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Bewildering Stories

Darby Mitchell, Arse Poetica


Arse Poetica
Author: Darby Mitchell
Publisher: Castle Publishing, 2007
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Finding Shakespeare

The beginning

I first knew I had a huge job in front of me, one that would probably take me the rest of my life to complete, if I ever could complete it, when I was teaching an honors English class at a downstate Michigan high school.

My students were bright, ambitious. They trusted me. After reading and discussing a few Shakespeare plays, my students asked me about the man William Shakespeare. At first, I told them what nearly everybody knew, which wasn’t much. But that weekend I studied Sir Henry Lee’s biography on Shakespeare. Though he used enough words to fill up a rather thick book, I realized that he didn’t know much at all, though he had certainly picked around in the dust bin.

I duly reported back that Shakespeare:

Back in the classroom now, I remember the long pause that came over the classroom when I’d finished telling my students what I’d found. Up to that moment, they had trusted me. My students just sat silent, looking at me, slight frowns on their faces, as if I had just dropped a slug into a slot machine and was waiting for the jackpot. Even at their age they could see that what was missing from that biography was the soul of a writer.

In that very long moment I moved back against the blackboard. They looked at me, I looked at them. I knew in that moment that I had a long hard job ahead of me. What I had told them was all that was known about the PERSON Shakespeare.

I realized that behind the PERSON Shakespeare there was going to be the WRITER Shakespeare. And I had to find the WRITER Shakespeare, I had to. And — very strange to say — I knew I had to do it so much, that I would do it.

What we know about the WRITER Shakespeare

Okay, what could we start with? If we draw from the Shakespeare writings, the plays, the sonnets, we know that the WRITER Shakespeare was:

  • a lawyer or a judge,
  • a courtier, which means he was at court. Probably in the House of Lords. That means he was probably very wealthy. We know he had to have had a really good reason to be anonymous. (The story fabricated for Bacon was that he was the bastard child of Queen Elizabeth. But why that would mean he couldn’t write plays, I don’t understand.)
  • We know that the man Shakespeare had to know who the writer was, and he had to have agreed to the contract that had to be between them.
  • We know the writer would have had a library, or access to a library — a big library. (We know he folded down the pages of the book he was reading to keep his place.)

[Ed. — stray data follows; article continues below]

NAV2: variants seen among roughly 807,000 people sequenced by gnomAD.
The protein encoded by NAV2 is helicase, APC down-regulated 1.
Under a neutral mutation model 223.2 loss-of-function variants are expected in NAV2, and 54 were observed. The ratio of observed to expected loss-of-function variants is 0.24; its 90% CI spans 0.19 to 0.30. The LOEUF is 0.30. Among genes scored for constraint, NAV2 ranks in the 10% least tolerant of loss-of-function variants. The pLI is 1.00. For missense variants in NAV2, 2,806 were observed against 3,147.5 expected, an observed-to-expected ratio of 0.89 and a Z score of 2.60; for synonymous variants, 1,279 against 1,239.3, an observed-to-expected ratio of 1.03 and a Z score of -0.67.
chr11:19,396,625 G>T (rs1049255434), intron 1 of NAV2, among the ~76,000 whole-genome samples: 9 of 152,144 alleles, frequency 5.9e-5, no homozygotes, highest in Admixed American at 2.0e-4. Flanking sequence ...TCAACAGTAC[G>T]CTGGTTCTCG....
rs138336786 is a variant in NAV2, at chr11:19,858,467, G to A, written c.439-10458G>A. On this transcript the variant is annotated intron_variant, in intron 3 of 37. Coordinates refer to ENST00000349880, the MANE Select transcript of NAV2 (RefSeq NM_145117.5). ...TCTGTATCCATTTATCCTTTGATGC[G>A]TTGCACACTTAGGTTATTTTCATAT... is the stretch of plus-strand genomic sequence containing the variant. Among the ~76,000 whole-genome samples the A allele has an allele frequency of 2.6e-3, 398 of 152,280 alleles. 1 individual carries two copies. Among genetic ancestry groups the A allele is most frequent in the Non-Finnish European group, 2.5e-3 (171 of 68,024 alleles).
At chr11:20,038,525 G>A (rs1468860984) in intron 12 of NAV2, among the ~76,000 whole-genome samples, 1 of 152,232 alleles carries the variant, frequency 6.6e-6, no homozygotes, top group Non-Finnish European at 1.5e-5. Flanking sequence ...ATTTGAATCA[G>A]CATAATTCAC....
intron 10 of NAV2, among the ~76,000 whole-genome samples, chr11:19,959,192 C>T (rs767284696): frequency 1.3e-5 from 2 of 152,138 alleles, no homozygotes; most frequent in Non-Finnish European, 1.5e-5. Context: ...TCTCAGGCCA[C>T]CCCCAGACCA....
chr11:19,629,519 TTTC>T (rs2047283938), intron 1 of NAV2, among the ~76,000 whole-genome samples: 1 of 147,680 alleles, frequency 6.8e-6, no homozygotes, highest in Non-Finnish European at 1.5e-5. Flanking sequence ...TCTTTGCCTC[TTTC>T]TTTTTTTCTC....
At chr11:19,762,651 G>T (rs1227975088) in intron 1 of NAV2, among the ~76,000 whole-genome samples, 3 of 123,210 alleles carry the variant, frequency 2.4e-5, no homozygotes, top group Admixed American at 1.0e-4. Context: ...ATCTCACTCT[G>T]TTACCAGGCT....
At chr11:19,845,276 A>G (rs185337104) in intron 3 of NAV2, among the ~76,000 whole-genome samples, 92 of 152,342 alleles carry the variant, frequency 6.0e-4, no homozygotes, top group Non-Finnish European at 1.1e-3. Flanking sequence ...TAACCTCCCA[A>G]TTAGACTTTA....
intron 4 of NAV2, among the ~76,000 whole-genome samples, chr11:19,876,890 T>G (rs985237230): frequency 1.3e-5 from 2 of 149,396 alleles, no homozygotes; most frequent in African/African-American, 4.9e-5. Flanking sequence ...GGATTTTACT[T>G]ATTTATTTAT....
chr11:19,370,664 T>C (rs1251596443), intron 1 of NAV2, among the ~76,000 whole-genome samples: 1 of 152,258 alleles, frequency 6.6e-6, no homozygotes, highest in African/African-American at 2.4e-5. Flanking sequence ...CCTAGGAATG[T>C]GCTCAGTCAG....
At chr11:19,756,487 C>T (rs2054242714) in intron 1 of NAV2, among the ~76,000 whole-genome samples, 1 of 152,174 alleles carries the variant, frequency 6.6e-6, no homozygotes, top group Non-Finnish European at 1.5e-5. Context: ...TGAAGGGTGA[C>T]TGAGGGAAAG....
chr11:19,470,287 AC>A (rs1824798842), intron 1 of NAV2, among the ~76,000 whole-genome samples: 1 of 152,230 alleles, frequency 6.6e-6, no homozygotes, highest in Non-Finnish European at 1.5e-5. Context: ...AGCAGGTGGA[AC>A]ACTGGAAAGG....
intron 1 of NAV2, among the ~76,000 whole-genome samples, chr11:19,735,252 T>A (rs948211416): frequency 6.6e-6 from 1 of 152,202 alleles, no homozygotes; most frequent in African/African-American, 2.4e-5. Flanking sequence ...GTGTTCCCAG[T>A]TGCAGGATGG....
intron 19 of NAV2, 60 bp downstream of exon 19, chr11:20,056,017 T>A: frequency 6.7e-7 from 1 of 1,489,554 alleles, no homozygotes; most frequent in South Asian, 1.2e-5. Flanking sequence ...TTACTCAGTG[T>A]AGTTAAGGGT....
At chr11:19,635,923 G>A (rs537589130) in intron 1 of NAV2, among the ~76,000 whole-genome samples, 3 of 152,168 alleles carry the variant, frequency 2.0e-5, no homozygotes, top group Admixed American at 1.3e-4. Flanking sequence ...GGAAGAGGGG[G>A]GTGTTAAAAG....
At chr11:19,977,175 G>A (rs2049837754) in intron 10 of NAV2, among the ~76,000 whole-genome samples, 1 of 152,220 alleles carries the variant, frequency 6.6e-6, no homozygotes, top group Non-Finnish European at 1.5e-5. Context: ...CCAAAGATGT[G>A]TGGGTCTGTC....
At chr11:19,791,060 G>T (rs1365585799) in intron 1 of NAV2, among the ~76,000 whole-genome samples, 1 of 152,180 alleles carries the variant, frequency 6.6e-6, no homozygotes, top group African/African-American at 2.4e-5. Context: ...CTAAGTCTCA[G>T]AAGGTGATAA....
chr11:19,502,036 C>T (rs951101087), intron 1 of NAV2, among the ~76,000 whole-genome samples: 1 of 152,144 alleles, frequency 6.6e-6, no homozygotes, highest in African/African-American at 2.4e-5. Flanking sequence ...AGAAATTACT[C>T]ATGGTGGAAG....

• We know he was well educated, had a classical education. This didn’t mean just basic reading, writing and arithmetic. This meant either tutor, if his family were wealthy or, second best, college. Based on details he knows about Cambridge, I’d say he had been at Cambridge.
  • He was a religious nonconformist. He may have been Catholic. He was a Gnostic. Therefore, he may have been excommunicated.
  • English was his first language. His dialect was southeast England.
  • He would have studied Latin. He probably would have studied Greek, too, because he knew the literature of Greece — lots and lots of it, probably everything that was to be known in his day.
  • He was a scientist. There was almost nothing he was not interested in.
  • Sexually, he was AC/DC — perhaps actually a woman.
  • He honored women. He didn’t like precious poets. He appreciated children, dogs, and he didn’t like church bells. He appreciated plain speaking.
  • He loved music.
  • His interest in Jewish themes may be an indication that he was Jewish.
  • He had a very good reason to be anonymous.

    When, about this time, I entered graduate school, Shakespeare imagery was offered as a subject. Imagery clusters (linked metaphors) are to authorship what DNA is to physical identity. By studying imagery for a year or two, I became all but certain that the germs of the Shakespeare images were in the work of Christopher Marlowe.

    What we know about Marlowe.

    Marlowe was born the same year as Shakespeare, in Canterbury, the son of a shoemaker. He was admitted to King’s School, Canterbury on a scholarship, then admitted to Corpus Christi College, Cambridge. The scholarship was meant to train him for the Episcopal priesthood.

    He earned a B.A., then an M.A. He got into trouble translating sexy Greek literature. He was often absent. He seemed to have an independent income. He wrote and produced a play while at Cambridge — that bombed. When he came up for graduation, Cambridge balked — they wrote to the Queen’s Privy Council that they thought Marlowe was off in France, studying for the Catholic priesthood. The Queen’s Privy Council wrote back that Cambridge WOULD give Marlowe the M.A. — that he had been in the service of his country. Cambridge gave Marlowe the degree, but in the Masters’ Lodge they turned his portrait to the wall. This is the portrait.

    Marlowe went to London, wrote plays that are still famous today. He became a member of Sir Walter Raleigh’s ‘think tank’ — the School of Night. He made wild statements, seemed to be what today we would call a Unitarian or a Quaker, the problem being that in those days there were no Unitarians or Quakers. He was accused of blasphemy.